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The words
British people are big tea [drinks / drinkers] . It is a tradition in Britain to drink tea for different [occasion / occasions] and reasons. People have it for breakfast, for when guests visit, and for tea breaks [at / on] work. People even "have a cuppa" when they talk about their personal [problem / problems] . However, research from The Tea Group shows that herbal, fruit and other teas have become [more / much] popular than traditional English breakfast tea. Researchers conducted [the / a] survey of more than 2,000 tea [lovers / loves] . Over half [on / of] people said their favourite tea was not the traditional variety. Over a [fifth / five] of people chose green tea as their favourite brew. Just over 20 per cent said Earl Grey was their number [once / one] .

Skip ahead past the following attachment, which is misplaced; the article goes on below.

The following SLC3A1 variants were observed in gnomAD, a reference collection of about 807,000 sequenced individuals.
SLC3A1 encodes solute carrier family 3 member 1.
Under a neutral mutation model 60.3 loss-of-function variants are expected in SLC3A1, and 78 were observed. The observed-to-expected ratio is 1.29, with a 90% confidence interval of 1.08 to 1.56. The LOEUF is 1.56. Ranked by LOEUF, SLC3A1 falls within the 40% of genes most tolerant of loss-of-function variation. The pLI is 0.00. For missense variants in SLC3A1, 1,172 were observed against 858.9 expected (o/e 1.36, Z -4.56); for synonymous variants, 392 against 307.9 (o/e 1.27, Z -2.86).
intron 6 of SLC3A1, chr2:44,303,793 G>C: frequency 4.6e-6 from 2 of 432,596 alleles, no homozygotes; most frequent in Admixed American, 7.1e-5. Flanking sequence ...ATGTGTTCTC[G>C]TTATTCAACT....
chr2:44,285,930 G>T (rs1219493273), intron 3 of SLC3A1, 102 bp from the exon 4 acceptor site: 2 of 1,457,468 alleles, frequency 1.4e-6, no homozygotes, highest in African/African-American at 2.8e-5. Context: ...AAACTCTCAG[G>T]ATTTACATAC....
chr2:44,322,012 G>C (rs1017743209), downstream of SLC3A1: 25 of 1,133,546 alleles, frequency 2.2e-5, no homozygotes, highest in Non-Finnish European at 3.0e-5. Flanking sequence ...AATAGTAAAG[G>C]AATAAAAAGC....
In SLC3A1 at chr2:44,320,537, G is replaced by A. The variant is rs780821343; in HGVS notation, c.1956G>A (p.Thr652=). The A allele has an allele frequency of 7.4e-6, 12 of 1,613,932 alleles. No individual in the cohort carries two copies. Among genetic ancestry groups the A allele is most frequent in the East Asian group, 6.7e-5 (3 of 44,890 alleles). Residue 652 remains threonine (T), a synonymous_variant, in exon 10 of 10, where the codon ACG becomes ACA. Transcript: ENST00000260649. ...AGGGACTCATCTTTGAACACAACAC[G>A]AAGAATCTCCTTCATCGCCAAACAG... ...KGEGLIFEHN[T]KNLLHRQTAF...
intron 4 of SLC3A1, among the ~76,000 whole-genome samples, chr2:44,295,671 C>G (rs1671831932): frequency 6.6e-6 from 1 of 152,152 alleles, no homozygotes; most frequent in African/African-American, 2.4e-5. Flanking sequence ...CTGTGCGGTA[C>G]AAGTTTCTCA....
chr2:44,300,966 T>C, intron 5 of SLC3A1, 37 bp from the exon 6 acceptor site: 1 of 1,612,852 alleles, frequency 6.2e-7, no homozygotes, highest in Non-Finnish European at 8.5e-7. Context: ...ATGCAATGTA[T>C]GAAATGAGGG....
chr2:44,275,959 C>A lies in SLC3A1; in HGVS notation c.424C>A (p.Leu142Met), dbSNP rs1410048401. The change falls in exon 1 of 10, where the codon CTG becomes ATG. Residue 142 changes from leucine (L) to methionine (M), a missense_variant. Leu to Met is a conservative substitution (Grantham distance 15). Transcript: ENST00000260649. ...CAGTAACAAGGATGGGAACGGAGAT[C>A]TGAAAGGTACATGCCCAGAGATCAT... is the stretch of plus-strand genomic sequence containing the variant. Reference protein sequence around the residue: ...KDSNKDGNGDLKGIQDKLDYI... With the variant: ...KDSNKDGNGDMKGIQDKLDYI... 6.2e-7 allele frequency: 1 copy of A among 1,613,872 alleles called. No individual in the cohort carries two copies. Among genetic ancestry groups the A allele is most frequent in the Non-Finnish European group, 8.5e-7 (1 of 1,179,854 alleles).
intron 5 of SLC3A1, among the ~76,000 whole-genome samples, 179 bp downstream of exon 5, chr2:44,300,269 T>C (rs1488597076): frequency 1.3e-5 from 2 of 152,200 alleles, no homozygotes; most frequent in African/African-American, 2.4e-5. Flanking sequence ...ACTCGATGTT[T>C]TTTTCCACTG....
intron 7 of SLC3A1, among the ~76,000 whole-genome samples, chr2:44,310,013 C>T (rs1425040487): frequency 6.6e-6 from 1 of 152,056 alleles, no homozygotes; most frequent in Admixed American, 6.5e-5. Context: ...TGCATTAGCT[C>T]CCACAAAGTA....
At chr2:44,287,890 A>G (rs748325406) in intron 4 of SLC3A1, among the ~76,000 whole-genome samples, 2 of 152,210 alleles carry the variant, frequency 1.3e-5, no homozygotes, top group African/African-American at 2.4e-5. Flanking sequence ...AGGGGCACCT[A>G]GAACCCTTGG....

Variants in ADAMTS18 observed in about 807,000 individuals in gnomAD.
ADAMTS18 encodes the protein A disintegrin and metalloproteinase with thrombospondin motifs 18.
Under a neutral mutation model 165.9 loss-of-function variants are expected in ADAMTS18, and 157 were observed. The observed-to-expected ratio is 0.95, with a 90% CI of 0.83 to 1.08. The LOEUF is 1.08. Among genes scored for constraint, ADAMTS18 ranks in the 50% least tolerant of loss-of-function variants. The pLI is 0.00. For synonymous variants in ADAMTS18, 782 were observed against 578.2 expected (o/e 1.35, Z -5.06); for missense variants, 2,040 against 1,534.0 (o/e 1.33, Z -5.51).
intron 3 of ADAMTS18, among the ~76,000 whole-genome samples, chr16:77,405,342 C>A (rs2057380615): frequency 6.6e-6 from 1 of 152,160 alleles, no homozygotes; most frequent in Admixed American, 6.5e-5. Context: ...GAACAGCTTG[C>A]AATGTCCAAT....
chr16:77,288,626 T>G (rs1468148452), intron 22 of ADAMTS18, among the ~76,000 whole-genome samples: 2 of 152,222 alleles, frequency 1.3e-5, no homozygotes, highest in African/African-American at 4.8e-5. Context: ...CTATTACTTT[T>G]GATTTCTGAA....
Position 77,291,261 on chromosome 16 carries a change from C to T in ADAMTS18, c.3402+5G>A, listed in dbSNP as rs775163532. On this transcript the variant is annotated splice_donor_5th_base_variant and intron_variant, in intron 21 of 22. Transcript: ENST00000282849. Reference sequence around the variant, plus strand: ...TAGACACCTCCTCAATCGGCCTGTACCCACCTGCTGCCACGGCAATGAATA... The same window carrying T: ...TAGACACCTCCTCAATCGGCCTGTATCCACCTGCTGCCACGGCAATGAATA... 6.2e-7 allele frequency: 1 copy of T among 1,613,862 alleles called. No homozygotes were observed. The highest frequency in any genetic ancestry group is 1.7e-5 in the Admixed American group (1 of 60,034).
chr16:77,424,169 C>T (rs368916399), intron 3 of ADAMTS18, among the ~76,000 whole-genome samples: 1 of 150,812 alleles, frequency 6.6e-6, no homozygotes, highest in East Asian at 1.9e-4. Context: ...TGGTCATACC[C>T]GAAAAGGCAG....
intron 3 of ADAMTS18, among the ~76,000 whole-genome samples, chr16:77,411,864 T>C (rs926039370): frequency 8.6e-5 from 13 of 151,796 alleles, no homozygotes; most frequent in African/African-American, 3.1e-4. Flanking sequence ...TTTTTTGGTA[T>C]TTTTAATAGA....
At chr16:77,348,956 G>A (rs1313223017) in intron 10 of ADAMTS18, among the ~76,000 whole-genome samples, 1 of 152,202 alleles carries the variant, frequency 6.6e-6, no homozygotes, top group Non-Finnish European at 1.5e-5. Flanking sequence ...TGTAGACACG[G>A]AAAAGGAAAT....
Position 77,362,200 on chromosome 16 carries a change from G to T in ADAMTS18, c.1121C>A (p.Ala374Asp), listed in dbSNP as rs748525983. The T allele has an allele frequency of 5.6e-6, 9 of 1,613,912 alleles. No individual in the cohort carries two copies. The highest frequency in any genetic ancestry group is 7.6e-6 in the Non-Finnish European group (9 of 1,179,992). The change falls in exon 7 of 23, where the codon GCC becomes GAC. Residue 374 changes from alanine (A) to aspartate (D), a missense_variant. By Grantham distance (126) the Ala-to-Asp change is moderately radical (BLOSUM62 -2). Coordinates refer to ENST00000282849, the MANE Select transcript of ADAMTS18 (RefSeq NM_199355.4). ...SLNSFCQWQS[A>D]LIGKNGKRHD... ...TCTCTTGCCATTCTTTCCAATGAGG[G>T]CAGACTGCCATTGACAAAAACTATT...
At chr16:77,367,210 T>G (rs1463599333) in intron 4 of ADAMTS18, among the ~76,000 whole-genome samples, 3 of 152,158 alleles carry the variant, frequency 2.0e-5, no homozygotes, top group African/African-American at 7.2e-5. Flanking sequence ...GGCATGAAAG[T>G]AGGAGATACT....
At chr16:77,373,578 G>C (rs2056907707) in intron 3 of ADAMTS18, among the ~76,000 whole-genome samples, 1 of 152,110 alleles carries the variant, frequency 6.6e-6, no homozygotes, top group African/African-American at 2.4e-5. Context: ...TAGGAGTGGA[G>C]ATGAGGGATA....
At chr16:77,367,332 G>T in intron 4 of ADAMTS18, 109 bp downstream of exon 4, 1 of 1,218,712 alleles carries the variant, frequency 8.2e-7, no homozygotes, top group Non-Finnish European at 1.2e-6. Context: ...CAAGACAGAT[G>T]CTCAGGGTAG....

Sales of traditional tea [in / at] the U.K. have been declining. Three years ago, a survey found that 54 per cent of Britons [preference / preferred] English breakfast tea. The new research shows that breakfast tea is [likely / likeable] to continue to decline [in / on] popularity. The researchers found many [other / another] things about tea-drinking habits in the U.K. The biggest reason for drinking tea [was / takes] to relax. A quarter of Britons drink up to 10 cups [a / the] day. Brits seem to love milky and sugary tea. Around 85 per cent of people who drink Earl Grey and English breakfast put milk [on / in] it. Nearly 45 per cent of people [sweeten / sweet] their tea with sugar. Amazingly, people with a [sweet / sour] tooth put three teaspoons of sugar in their cup.

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